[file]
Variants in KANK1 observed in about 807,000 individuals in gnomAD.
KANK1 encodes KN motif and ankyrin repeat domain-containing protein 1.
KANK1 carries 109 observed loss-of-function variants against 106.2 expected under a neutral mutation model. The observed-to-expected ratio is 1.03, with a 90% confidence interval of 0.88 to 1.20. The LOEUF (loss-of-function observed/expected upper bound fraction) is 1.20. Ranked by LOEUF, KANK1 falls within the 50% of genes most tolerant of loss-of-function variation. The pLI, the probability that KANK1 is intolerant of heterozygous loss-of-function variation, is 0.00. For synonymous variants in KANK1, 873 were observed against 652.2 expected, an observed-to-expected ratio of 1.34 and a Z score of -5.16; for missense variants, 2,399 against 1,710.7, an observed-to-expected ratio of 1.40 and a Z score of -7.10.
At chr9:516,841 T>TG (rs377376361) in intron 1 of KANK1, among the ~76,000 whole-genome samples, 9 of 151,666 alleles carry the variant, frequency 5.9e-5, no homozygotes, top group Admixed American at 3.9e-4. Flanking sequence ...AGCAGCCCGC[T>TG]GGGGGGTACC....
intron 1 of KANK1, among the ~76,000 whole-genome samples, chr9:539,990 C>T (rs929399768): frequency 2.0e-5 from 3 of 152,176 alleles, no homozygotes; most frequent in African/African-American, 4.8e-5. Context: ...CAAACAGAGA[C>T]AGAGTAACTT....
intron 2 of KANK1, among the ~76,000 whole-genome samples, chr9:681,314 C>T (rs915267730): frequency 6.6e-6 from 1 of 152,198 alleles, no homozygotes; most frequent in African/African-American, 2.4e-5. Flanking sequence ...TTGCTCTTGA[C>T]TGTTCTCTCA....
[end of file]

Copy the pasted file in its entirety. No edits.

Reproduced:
Variants in KANK1 observed in about 807,000 individuals in gnomAD.
KANK1 encodes KN motif and ankyrin repeat domain-containing protein 1.
KANK1 carries 109 observed loss-of-function variants against 106.2 expected under a neutral mutation model. The observed-to-expected ratio is 1.03, with a 90% confidence interval of 0.88 to 1.20. The LOEUF (loss-of-function observed/expected upper bound fraction) is 1.20. Ranked by LOEUF, KANK1 falls within the 50% of genes most tolerant of loss-of-function variation. The pLI, the probability that KANK1 is intolerant of heterozygous loss-of-function variation, is 0.00. For synonymous variants in KANK1, 873 were observed against 652.2 expected, an observed-to-expected ratio of 1.34 and a Z score of -5.16; for missense variants, 2,399 against 1,710.7, an observed-to-expected ratio of 1.40 and a Z score of -7.10.
At chr9:516,841 T>TG (rs377376361) in intron 1 of KANK1, among the ~76,000 whole-genome samples, 9 of 151,666 alleles carry the variant, frequency 5.9e-5, no homozygotes, top group Admixed American at 3.9e-4. Flanking sequence ...AGCAGCCCGC[T>TG]GGGGGGTACC....
intron 1 of KANK1, among the ~76,000 whole-genome samples, chr9:539,990 C>T (rs929399768): frequency 2.0e-5 from 3 of 152,176 alleles, no homozygotes; most frequent in African/African-American, 4.8e-5. Context: ...CAAACAGAGA[C>T]AGAGTAACTT....
intron 2 of KANK1, among the ~76,000 whole-genome samples, chr9:681,314 C>T (rs915267730): frequency 6.6e-6 from 1 of 152,198 alleles, no homozygotes; most frequent in African/African-American, 2.4e-5. Flanking sequence ...TTGCTCTTGA[C>T]TGTTCTCTCA....